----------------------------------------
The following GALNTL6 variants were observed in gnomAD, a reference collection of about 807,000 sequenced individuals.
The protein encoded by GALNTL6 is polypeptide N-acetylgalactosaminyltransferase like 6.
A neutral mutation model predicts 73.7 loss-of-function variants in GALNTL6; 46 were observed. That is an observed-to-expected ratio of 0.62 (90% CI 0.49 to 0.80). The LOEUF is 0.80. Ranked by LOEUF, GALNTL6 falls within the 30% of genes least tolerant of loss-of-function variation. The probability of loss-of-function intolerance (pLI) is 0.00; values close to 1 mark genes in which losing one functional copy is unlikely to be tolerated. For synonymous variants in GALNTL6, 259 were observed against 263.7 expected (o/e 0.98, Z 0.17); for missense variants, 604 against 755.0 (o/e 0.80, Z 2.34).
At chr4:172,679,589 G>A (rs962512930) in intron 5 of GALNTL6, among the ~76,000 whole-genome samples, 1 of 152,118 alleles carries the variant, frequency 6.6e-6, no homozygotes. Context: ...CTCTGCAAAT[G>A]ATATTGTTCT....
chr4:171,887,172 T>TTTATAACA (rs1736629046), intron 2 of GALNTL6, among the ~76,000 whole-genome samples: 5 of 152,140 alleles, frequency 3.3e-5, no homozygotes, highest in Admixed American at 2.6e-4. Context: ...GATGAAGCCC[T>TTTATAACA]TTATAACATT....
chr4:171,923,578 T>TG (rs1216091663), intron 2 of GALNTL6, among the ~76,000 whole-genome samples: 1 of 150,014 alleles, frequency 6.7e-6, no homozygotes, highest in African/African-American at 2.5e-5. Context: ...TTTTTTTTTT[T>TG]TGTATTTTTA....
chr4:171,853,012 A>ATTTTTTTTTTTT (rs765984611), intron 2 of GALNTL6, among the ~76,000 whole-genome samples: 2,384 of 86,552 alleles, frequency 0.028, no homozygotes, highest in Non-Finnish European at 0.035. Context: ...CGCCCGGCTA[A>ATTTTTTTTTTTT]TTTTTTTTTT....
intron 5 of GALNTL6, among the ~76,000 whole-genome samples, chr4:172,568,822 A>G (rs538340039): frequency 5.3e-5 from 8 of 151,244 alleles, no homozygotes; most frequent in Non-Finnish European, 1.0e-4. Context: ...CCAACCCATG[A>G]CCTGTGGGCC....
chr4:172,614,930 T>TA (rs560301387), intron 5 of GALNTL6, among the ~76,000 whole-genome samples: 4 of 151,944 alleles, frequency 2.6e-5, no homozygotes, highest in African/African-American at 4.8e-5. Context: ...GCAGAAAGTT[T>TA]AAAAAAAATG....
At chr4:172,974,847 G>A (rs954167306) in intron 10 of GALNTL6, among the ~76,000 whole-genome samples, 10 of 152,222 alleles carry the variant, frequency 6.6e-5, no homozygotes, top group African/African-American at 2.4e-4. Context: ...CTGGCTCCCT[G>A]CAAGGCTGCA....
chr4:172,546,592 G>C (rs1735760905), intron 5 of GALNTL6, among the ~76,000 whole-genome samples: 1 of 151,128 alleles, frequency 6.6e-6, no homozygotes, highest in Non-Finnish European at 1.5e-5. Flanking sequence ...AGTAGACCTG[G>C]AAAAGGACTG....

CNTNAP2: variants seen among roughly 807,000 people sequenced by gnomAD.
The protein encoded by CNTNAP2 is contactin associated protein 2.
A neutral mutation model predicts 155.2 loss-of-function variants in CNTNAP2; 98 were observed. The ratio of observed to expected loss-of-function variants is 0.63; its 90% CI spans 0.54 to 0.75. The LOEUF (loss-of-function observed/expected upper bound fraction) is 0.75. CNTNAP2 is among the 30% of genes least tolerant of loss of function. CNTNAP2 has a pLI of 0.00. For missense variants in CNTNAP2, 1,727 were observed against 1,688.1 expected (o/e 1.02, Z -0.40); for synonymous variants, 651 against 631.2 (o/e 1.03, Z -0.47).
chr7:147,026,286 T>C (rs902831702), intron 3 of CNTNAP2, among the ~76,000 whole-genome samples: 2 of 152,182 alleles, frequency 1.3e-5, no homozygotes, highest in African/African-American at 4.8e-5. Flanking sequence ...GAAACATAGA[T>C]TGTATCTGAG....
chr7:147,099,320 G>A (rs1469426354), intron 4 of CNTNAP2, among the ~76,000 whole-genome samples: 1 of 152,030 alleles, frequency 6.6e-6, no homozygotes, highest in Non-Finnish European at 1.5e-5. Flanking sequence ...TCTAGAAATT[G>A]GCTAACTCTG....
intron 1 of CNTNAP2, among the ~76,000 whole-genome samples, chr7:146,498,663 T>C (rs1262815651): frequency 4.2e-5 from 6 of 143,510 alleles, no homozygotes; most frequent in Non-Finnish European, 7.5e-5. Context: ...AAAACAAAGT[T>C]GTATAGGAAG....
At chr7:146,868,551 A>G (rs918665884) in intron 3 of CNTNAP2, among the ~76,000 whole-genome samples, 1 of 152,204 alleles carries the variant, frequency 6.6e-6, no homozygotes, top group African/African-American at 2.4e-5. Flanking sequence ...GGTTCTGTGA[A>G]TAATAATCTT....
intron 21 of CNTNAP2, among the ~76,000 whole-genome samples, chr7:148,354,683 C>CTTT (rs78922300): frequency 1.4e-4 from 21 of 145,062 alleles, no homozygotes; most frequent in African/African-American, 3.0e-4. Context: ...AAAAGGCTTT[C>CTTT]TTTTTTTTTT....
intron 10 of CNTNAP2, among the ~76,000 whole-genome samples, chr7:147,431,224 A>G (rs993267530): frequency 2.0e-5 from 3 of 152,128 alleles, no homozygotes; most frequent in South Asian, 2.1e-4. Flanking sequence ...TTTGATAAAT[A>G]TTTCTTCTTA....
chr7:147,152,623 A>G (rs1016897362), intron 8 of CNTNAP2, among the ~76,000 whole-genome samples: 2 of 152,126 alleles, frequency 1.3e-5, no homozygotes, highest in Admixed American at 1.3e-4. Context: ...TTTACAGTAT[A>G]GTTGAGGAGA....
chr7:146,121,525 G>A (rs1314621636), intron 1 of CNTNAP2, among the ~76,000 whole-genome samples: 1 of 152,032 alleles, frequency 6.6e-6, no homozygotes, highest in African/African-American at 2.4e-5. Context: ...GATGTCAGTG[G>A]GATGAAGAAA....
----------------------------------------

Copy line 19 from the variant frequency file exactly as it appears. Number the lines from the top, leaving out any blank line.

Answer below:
intron 21 of CNTNAP2, among the ~76,000 whole-genome samples, chr7:148,354,683 C>CTTT (rs78922300): frequency 1.4e-4 from 21 of 145,062 alleles, no homozygotes; most frequent in African/African-American, 3.0e-4. Context: ...AAAAGGCTTT[C>CTTT]TTTTTTTTTT....